It’s also possible (and probably more useful) to use different transforms together.

// save the original state
canvas.save();

// center the origin (then save this state)
canvas.translate(screen.center.dx, screen.center.dy);
canvas.save();

// resize the canvas up by 2 (double)
canvas.scale(2);

// render image (with size compensation)
canvas.translate(-100, -100);
sunset.renderRect(canvas, Rect.fromLTWH(0, 0, 200, 200));

// restore back to just the centered origin
canvas.restore();

// rotate the canvas
canvas.rotate(2);

// render image again (with size compensation)
canvas.translate(-100, -100);
sunset.renderRect(canvas, Rect.fromLTWH(0, 0, 200, 200));

// restore the original state();
canvas.restore();

The key thing to remember when using multiple transforms is the order in which they are called.

Each transform will be applied in whichever order they are called.

An example would be to translate to the center of the rotation first before rotating the canvas.

Flipping an image horizontally

Now, to answer the question that started this whole guide.

Here’s an example of rendering a non-flipped image that we’ll edit later so the image is flipped.

// render background and save the original state
scene.renderRect(canvas, screen);
canvas.save();

// translate the origin to bottom-center of screen
canvas.translate(screen.center.dx, screen.height);
// compensate for the image height
// horizontally the image will be centered
// vertically the image will sit at the bottom
canvas.translate(-150, -300);

// draw my cute then-puppy
aero.renderRect(canvas, Rect.fromLTWH(0, 0, 300, 300));

// restore original state
canvas.restore();

Note: We’re rendering two images here, a scene from Mt. Balagbag and a picture of my dog Aero when she was still a puppy.

To flip an image we need to think outside the box.

Remember scale?

Our examples just scale the canvas up (greater than 1) or down (less than 1) using positive values.

Ever wonder what happens when you supply a negative number?

Magic!

Let’s try it out:

// render background and save the original state
scene.renderRect(canvas, screen);
canvas.save();

// translate the origin to bottom-center of screen
canvas.translate(screen.center.dx, screen.height);
// compensate for the image height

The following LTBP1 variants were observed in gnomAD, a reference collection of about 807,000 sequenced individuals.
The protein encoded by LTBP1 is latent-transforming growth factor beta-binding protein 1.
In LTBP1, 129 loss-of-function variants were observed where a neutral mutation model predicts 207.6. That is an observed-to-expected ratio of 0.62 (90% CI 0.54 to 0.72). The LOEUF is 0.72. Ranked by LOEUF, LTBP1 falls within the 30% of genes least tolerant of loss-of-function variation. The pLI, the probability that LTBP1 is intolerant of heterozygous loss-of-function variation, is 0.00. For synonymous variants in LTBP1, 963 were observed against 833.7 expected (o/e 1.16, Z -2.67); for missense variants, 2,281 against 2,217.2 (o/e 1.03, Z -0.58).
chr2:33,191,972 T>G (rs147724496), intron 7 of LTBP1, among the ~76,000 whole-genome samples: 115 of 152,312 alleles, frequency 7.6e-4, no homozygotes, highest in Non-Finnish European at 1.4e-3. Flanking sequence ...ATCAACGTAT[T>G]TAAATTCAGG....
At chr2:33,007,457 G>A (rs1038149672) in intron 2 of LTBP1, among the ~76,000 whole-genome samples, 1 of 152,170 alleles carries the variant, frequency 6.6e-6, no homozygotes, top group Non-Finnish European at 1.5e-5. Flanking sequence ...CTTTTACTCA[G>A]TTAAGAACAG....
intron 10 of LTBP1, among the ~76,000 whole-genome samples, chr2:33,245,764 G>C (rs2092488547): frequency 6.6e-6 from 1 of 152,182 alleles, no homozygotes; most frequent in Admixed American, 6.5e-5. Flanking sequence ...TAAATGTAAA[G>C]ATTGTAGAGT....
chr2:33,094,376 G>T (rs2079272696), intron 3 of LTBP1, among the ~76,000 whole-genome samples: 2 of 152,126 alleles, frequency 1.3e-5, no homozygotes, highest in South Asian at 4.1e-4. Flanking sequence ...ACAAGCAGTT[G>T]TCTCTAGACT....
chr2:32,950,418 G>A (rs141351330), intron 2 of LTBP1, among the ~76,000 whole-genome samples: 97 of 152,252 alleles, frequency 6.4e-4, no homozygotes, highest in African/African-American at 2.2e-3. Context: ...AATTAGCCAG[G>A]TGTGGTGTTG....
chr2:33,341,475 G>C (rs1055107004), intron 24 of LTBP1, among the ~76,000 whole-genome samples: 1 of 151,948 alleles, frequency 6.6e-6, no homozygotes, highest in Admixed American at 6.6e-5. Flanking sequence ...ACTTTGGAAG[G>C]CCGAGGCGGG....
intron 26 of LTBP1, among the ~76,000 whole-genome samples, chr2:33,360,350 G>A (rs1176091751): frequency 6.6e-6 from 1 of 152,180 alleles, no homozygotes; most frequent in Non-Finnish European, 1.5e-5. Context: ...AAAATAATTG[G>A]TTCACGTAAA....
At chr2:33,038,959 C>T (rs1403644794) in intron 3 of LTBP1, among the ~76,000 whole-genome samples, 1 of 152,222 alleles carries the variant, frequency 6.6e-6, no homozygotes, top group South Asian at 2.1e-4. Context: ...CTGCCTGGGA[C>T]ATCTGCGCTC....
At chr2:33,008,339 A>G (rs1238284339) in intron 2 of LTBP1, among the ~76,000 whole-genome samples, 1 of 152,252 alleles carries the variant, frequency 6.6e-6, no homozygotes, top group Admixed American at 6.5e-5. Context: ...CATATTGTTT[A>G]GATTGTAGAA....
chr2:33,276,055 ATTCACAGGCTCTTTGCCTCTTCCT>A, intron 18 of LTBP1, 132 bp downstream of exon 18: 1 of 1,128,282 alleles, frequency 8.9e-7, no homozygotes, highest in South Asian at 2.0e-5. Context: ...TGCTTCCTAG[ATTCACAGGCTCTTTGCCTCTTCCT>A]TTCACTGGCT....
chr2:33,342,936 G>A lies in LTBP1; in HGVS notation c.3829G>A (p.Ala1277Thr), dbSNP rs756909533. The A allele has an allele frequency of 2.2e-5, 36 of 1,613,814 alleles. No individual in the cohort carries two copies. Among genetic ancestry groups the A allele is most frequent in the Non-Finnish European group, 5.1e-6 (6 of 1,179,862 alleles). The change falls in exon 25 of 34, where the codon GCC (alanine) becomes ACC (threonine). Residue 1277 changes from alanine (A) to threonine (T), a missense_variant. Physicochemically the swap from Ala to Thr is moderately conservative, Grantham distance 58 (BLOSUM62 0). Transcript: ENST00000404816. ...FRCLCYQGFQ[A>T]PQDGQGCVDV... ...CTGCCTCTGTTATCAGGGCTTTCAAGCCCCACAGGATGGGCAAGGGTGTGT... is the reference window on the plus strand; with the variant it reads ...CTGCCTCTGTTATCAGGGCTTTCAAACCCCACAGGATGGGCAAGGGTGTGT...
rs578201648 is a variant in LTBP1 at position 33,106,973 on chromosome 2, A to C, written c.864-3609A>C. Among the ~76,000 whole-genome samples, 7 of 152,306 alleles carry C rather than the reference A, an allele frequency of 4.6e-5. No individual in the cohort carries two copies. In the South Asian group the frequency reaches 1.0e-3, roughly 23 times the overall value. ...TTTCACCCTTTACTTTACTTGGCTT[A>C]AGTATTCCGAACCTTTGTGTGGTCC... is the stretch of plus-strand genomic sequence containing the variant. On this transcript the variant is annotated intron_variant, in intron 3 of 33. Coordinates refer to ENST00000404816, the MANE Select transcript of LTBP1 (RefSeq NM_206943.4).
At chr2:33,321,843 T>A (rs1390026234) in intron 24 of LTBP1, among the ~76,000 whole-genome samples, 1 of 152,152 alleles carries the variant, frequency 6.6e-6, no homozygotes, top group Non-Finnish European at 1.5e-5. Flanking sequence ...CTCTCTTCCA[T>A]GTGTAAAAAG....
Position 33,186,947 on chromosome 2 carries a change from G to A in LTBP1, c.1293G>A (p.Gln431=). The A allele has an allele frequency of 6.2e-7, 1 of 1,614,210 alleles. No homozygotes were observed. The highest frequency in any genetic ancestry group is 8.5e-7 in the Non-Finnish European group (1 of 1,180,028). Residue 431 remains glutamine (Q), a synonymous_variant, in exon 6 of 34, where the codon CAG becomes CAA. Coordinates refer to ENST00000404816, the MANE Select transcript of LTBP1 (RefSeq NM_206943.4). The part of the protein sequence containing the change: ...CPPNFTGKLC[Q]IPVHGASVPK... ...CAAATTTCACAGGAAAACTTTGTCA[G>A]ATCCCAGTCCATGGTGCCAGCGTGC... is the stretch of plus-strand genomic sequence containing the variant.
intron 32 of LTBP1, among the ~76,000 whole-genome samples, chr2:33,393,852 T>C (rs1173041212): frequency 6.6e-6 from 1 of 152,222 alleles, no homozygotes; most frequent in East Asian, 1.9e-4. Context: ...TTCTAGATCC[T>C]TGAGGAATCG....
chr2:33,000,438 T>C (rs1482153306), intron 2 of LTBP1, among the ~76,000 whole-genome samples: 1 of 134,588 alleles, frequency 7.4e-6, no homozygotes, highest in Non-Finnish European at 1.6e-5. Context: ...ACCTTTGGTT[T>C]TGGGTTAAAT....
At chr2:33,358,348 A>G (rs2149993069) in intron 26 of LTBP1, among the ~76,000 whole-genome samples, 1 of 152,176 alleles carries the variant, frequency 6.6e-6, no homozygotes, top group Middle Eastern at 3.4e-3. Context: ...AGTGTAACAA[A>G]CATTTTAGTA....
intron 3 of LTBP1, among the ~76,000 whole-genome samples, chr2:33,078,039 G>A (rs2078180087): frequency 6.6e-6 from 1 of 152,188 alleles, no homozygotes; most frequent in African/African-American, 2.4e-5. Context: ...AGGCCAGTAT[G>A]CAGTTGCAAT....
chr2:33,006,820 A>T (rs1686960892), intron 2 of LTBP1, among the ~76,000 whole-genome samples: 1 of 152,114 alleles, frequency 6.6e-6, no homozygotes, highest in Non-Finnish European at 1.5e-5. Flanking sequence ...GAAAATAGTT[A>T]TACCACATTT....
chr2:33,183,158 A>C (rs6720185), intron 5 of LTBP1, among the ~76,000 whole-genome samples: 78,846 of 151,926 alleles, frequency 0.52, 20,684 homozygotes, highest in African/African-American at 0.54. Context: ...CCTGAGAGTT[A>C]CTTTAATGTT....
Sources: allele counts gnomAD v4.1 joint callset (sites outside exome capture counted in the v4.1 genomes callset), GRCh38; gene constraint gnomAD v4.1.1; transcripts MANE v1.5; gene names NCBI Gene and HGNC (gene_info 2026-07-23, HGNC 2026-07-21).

// horizontally the image will be centered
// vertically the image will sit at the bottom
canvas.translate(-150, -300);

// try flipping
canvas.scale(-1, 1);

// draw my cute then-puppy
aero.renderRect(canvas, Rect.fromLTWH(0, 0, 300, 300));

// restore original state
canvas.restore();

It flipped alright. But the pivot point for the flip was the current origin of the canvas by the time scale was called. The origin was 150 logical pixels to the left of the screen’s center.

This is where the order – in which the transforms are called – matters.

We want to flip the canvas when we are at a point in the runtime where the origin of the canvas is at the center (before compensating for the image size).

Let’s try it in the code again:

// render background and save the original state
scene.renderRect(canvas, screen);
canvas.save();

// translate the origin to bottom-center of screen
canvas.translate(screen.center.dx, screen.height);

// flip horizontally
canvas.scale(-1, 1);

// compensate for the image height
// horizontally the image will be centered
// vertically the image will sit at the bottom
canvas.translate(-150, -300);

// draw my cute then-puppy
aero.renderRect(canvas, Rect.fromLTWH(0, 0, 300, 300));

// restore original state
canvas.restore();

Success! We have flipped our image horizontally.

I’ll leave the vertical flipping for you to experiment on. If you encounter any obstacles, drop a comment below, send me a message, or talk to me on my Discord server.

Conclusion

That’s it! Congratulations on learning how to apply transformations to the canvas. It’s a very useful skill to have in your arsenal when creating games.

These operations are needed when you have one image for the character and you don’t want to have another image when facing the other direction.

I hope you enjoyed learning these techniques. Have fun creating your games!